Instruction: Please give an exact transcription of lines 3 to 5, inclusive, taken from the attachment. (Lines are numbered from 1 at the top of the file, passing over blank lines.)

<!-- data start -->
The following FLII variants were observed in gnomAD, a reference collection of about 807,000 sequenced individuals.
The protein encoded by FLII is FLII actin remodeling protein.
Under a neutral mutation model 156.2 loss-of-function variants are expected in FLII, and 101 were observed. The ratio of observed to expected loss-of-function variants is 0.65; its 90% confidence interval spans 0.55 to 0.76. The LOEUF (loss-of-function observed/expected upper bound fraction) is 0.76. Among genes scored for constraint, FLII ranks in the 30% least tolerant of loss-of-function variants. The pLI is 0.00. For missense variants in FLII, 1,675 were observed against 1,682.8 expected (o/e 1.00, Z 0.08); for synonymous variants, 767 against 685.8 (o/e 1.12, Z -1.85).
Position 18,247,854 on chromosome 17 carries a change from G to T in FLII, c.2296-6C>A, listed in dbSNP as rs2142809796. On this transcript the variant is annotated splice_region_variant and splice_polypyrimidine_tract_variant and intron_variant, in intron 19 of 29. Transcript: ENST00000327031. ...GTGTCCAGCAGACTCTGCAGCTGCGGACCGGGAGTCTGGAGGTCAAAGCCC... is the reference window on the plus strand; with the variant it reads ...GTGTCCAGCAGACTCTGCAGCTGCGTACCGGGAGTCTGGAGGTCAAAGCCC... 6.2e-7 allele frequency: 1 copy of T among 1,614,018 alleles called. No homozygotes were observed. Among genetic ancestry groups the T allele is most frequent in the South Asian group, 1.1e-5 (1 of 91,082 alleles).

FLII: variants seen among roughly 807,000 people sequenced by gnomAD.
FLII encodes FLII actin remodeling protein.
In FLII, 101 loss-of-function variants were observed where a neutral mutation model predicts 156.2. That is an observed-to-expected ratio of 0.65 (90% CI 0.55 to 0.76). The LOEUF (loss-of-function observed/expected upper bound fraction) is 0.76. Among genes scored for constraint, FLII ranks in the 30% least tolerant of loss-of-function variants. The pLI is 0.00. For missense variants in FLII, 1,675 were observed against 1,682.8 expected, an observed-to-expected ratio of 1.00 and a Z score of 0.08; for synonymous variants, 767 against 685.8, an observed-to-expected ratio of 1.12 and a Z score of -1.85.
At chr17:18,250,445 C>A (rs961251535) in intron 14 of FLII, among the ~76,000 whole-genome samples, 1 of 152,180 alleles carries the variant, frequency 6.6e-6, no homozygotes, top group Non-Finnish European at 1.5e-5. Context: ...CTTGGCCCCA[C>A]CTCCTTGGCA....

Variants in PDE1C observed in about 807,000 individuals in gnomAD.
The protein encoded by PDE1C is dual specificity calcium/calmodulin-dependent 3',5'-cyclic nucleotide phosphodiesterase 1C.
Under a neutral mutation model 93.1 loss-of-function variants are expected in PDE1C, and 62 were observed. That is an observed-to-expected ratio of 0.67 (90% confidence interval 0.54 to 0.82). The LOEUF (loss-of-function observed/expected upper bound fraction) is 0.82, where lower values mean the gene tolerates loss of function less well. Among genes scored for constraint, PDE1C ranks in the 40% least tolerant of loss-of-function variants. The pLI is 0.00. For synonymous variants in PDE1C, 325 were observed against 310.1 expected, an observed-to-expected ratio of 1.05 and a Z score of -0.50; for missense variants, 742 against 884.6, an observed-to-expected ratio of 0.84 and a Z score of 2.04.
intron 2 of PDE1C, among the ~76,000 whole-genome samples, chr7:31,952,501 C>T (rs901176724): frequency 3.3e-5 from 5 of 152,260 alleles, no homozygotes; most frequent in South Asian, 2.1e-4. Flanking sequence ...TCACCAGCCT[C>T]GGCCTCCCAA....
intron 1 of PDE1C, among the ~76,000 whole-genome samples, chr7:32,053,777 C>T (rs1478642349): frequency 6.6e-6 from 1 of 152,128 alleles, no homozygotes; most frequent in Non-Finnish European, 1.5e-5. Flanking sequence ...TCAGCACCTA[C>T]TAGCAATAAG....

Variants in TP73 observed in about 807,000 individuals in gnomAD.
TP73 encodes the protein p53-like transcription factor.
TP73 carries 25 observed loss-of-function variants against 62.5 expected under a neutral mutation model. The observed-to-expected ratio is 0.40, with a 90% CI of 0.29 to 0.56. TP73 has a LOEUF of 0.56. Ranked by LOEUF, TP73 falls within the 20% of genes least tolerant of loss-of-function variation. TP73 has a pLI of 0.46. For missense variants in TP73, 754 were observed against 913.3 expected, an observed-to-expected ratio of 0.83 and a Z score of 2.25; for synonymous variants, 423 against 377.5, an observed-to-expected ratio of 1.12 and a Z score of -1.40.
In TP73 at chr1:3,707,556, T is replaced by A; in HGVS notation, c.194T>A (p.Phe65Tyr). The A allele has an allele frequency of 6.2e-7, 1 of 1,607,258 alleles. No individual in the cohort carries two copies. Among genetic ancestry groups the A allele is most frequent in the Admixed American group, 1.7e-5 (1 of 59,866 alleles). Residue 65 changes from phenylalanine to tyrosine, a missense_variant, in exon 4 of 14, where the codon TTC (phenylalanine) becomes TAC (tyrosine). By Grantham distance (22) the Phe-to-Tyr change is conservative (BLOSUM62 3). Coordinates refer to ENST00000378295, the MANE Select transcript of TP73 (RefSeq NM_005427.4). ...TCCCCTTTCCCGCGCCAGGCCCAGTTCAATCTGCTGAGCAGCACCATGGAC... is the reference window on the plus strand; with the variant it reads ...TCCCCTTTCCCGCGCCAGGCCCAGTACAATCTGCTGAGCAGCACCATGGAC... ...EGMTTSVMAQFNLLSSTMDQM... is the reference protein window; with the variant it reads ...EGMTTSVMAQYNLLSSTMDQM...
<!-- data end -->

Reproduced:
Under a neutral mutation model 156.2 loss-of-function variants are expected in FLII, and 101 were observed. The ratio of observed to expected loss-of-function variants is 0.65; its 90% confidence interval spans 0.55 to 0.76. The LOEUF (loss-of-function observed/expected upper bound fraction) is 0.76. Among genes scored for constraint, FLII ranks in the 30% least tolerant of loss-of-function variants. The pLI is 0.00. For missense variants in FLII, 1,675 were observed against 1,682.8 expected (o/e 1.00, Z 0.08); for synonymous variants, 767 against 685.8 (o/e 1.12, Z -1.85).
Position 18,247,854 on chromosome 17 carries a change from G to T in FLII, c.2296-6C>A, listed in dbSNP as rs2142809796. On this transcript the variant is annotated splice_region_variant and splice_polypyrimidine_tract_variant and intron_variant, in intron 19 of 29. Transcript: ENST00000327031. ...GTGTCCAGCAGACTCTGCAGCTGCGGACCGGGAGTCTGGAGGTCAAAGCCC... is the reference window on the plus strand; with the variant it reads ...GTGTCCAGCAGACTCTGCAGCTGCGTACCGGGAGTCTGGAGGTCAAAGCCC... 6.2e-7 allele frequency: 1 copy of T among 1,614,018 alleles called. No homozygotes were observed. Among genetic ancestry groups the T allele is most frequent in the South Asian group, 1.1e-5 (1 of 91,082 alleles).

FLII: variants seen among roughly 807,000 people sequenced by gnomAD.